Which brings me back to 1 Corinthians 1:4 and beyond. I am so thankful for every minute of my sisters life that I get to share with her. I have been blessed to see God’s grace shed through her to me and to others around the globe as well as her own family. She is running the race well, with her eye on the prize of Jesus Christ. It shows, because He has enriched her life in Him in what she does and how she does it, in who she is and whose she is, in the things that she says and what she knows. Her life is a testimony of the work of Christ confirmed in her. Yeah, that’s my sister. We’re united in him. That’s closer than blood.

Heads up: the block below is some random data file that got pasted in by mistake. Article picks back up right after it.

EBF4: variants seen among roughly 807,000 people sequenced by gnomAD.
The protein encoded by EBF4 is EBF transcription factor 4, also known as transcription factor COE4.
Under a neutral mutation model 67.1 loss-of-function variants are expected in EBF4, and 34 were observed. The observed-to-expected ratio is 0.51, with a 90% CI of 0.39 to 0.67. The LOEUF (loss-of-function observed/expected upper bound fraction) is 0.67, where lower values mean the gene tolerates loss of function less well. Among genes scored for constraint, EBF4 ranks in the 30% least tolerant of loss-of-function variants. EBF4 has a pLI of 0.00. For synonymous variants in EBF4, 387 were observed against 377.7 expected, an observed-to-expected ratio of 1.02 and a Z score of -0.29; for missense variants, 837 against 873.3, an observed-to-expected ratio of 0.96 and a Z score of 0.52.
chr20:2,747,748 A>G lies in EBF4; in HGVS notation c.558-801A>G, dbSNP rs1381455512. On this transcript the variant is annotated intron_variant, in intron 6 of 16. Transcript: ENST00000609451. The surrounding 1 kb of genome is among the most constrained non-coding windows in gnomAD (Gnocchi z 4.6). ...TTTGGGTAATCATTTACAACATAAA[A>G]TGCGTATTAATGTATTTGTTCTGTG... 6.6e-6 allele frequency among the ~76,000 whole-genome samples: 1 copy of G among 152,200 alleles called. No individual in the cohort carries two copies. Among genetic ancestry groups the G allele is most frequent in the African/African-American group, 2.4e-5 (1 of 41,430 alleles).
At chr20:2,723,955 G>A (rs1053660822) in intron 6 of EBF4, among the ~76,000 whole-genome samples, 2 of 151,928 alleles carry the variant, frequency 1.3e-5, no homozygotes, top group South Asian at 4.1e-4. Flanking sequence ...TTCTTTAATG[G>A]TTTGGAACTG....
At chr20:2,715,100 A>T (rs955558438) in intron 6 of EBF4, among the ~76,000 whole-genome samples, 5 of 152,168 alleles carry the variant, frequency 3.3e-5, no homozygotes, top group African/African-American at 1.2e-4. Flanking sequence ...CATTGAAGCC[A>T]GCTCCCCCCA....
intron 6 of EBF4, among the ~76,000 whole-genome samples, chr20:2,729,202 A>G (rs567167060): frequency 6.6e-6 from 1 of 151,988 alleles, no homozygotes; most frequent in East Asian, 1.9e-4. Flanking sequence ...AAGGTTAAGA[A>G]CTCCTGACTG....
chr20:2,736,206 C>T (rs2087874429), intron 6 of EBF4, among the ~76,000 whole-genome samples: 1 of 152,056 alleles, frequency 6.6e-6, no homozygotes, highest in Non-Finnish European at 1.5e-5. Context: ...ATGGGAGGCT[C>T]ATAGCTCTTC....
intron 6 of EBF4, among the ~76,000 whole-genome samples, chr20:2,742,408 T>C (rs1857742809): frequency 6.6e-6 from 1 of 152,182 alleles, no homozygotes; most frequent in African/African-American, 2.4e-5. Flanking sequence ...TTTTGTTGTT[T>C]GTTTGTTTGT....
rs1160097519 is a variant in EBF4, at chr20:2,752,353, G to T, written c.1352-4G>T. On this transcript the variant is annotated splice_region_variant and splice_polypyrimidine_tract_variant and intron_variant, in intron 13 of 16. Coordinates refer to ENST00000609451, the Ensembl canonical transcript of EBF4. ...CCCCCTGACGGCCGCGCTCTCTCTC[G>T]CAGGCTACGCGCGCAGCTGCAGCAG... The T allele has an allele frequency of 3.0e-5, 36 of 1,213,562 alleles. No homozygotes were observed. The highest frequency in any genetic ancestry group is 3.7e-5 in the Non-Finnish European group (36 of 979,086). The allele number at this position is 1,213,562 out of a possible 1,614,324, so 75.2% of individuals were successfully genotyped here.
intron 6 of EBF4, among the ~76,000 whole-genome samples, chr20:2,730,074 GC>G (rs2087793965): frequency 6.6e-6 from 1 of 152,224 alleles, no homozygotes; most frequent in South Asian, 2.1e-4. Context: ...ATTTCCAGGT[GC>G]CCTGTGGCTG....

Here she is, nearing the end of the race, unless God intervenes differently, which He is free to do and extends that race on earth, but He’s given her every gift she needs. She’s not lacking anything. Her eternal bags are packed and ready for something that’s greater than an international flight. See, in all these things in life, she is overwhelmingly conquering through the One who loves her. Right now, she’s in the final moments of the football game, where her team has already won 74 to 0 and she’s just biding time as the coach shouts from the sideline, “You’ve already won. Keep playing ‘till it’s ours.”